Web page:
Gabrielle Giffords, living proof of this lopsided human cost accounting, visited Newtown this week with her husband former astronaut Mark Kelly to rally support for efforts to prevent future gun violence
In a USA Today OpEd, they write, “We don’t want to take away your guns any more than we want to give up the two guns we have locked in a safe at home. What we do want is what the majority of NRA members and other Americans want: responsible changes in our laws to require responsible gun ownership and reduce gun violence.”
As Joe Biden’s task force meets with anti-gun groups today and prepares to confront NRA lobbyists tomorrow, prospects are dim for meaningful political action anytime soon, barring any unlikely unilateral executive action.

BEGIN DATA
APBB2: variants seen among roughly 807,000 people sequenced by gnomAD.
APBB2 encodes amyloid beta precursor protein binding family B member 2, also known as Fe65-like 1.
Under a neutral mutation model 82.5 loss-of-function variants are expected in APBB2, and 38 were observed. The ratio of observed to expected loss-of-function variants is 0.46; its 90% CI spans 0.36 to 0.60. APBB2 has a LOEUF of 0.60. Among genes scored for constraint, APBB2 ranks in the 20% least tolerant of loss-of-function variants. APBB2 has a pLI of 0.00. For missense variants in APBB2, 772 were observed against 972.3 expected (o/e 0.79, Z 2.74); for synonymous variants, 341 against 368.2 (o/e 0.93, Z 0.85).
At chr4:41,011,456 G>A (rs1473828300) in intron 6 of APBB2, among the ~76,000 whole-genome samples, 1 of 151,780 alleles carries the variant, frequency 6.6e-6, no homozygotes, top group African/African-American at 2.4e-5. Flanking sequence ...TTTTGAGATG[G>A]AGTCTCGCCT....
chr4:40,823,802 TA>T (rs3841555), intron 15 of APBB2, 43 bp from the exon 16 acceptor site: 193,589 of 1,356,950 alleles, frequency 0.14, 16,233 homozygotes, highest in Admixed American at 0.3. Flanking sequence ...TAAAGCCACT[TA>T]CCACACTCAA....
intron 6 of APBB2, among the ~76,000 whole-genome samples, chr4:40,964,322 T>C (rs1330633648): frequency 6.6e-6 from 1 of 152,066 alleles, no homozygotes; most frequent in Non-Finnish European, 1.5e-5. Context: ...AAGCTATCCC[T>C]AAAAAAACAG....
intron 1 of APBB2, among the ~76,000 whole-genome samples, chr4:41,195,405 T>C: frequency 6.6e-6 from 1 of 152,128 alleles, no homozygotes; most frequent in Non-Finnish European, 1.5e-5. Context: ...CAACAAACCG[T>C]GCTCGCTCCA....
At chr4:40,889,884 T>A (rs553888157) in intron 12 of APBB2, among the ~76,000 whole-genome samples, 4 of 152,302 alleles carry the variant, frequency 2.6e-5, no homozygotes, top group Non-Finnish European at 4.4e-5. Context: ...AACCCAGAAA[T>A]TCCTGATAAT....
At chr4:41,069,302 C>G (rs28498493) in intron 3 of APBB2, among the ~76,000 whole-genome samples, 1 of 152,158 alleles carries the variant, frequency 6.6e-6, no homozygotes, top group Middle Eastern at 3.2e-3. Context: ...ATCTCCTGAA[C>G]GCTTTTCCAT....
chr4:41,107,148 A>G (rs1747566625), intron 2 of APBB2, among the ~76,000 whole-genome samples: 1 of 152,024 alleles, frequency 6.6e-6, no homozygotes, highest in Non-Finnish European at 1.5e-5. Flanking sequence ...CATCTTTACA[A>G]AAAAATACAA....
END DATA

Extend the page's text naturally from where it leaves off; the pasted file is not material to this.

Such a sad outlook recalls a proposal by the late Sen.Pat Moynihan two decades ago. The scholarly sociologist suggested that, since the nation is flooded with guns that will “last forever,” lawmakers concentrate on bullets instead.
“We have only a three-year supply of ammunition,” he observed, proposing a tax, not on bullets for hunting or target shooting, but those designed to penetrate armor and cause unspeakable damage to human bodies.
“Ten thousand percent,” he suggested to make a 20-cartridge pack cost $1,500. “Guns don’t kill people, bullets do.”
Since then, in Michael Moore’s “Bowling for Columbine,” Chris Rock has raised the ante: “If a bullet costs $5,000, there’d be no more innocent bystanders.”
Ludicrous? Perhaps, no but more off-the-wall than NRA proposals to make OK Corral armed camps out of the nation’s schools.
There won’t be any political silver bullet soon for preventing the slaughter of innocents, but making it more expensive for madmen to take so many lives so easily and cheaply might be a start.